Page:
## 190 Reputation

15 years, 86 days

## Great!...

Lovely solution ... than's for introducting me to DataFrame.

Thank you!

## This is very useful - thanks...

Thank you for your (usual!) speedy assistance. This is a great help.

Suppose the 4 points are labelled A,B,C and D (can we assign a name to each point?)

Then I would look for a 4x4 matrix with column labels, A, B, C and D and also row labels A, B, C and D and at each intersection, the distance would be recorded. Ideally, I would love to export the results to Excel - please see attached Excel sheet.

Mapleprimes.xlsx

## Great insight!...

This is very useful and insightful. I thank you!

## Thanks!...

@Thomas Richard

Thanks for this ... interesting.

## Thank you. Is there a way to treat nonli...

The Maple routine is quite useful - thanks so much.

Suppose a relation under investigation is nonlinear. Do you know how this is treated?

## Understood!...

Very interesting ... this worked just fine and satisfied a little curiosity!

Thanks (again!).

## Even better!...

This is a welcomed addition to the solution ... I'm obliged!

## Very interesting...

As usual, you have provided a good insight intyo this problem .... I thank you for that.

The classification routine is great and on the matter of a non-source/sink, I'll explore this further. The matrices, A and B, were for the sake of example only - I'll run some more representative problems to test this out.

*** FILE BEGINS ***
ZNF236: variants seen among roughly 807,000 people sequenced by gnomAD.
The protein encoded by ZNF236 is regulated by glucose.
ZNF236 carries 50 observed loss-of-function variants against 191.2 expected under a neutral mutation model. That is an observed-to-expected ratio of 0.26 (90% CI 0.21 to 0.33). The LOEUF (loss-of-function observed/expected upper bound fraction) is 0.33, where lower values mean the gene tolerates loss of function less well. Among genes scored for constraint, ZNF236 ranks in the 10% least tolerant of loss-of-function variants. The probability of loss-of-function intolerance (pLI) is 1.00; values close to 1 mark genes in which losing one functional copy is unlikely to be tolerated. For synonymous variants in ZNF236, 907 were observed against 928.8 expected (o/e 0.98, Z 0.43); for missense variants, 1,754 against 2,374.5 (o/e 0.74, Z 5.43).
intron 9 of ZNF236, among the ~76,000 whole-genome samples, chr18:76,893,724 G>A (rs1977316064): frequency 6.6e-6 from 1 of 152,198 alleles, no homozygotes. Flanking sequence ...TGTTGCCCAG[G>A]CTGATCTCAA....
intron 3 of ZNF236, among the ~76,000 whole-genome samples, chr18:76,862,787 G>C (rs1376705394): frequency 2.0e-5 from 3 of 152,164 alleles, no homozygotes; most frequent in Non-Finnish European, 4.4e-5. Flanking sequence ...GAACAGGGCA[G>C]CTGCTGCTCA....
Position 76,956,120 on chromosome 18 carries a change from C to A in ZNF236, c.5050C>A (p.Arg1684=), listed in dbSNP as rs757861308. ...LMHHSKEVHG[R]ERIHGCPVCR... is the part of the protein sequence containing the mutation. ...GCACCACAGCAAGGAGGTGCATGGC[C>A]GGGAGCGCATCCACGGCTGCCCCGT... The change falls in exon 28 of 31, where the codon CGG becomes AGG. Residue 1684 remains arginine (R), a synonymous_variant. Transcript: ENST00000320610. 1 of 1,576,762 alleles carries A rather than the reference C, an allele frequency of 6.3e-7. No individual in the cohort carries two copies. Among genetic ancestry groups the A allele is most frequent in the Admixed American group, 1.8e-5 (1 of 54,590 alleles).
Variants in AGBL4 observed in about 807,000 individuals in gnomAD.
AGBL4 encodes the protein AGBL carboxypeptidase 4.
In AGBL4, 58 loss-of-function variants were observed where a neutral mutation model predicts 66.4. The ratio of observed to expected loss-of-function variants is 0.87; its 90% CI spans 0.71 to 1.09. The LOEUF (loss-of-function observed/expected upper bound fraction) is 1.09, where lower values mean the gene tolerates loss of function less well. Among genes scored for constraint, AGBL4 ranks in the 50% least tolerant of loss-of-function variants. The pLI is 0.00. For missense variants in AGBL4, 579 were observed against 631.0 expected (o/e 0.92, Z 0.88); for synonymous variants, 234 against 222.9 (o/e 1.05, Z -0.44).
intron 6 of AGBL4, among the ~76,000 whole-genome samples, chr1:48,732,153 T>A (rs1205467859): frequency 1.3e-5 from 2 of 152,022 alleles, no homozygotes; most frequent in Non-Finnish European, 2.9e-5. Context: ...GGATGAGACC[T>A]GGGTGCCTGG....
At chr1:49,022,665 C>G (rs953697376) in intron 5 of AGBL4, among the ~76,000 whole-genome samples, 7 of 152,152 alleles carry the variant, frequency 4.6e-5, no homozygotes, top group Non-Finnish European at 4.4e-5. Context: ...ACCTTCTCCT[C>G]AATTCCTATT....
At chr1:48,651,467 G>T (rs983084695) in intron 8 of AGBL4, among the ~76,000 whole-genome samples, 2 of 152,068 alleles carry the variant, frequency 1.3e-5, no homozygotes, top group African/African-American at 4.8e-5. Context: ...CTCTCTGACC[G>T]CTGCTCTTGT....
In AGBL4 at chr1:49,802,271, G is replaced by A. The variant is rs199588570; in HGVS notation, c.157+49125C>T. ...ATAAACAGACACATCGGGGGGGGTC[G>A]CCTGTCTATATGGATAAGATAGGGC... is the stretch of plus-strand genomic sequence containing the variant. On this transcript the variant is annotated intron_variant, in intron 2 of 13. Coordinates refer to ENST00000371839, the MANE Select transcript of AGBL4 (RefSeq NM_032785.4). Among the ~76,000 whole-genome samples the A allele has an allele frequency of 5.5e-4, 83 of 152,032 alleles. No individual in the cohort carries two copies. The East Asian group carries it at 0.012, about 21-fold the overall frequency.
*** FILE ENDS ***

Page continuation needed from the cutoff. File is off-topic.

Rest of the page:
Thanks again!

## That's it!...

This seems to have done the job - thank you so much!

I like your routine ... with this, I can move on.

Thanks again.

## Vertices re-labelled successfully ... ho...

Yes - I can relabel the vertices as you proposed. The Help link was very useful ... thanks.

However, I might be on the wrong track here. I wish to assign labels (letters) to the matrix rows and numbers to the matrix columns as mentioned in the problem statement. The sources lie in the row number; the sinks lie in the columns that have entries=1.

## Can this be applied to the example given...

Thank you for the suggestion - much appreciated.

However, I tried to apply this to the matrix B graph ... I can't seem to find a way to replicate your method.

## Great insights...

These are very useful insights you provided - I appreciate you taking the time and effort to share these.

And of course, you are completely right -  the worksheet source file should have been attached rather than the pdf. I'll remember that in future also!

Thanks again...

## That's it!...

It is great to get this workaround - thank you! It makes life so much easier ... now I can visualise the relationships of the solutions.

Thanks (again!) for your generous support.

## I'm still missing something!...

Thank you, Carl.

I tried that - but doesn't the adjacency matrix has 2 non-zero diagonal entries? If so - then the routine won't run.

Perhaps I am misinterpreting your suggestion (I am new to Graph Theory) - in this instance, the solution to my LP problem is given by the square matrix,Y, and will change as certain conditions / values are altered in the model. In other words, the entries will vary on a case-by-case basis and I simply wish to show these on a graph.

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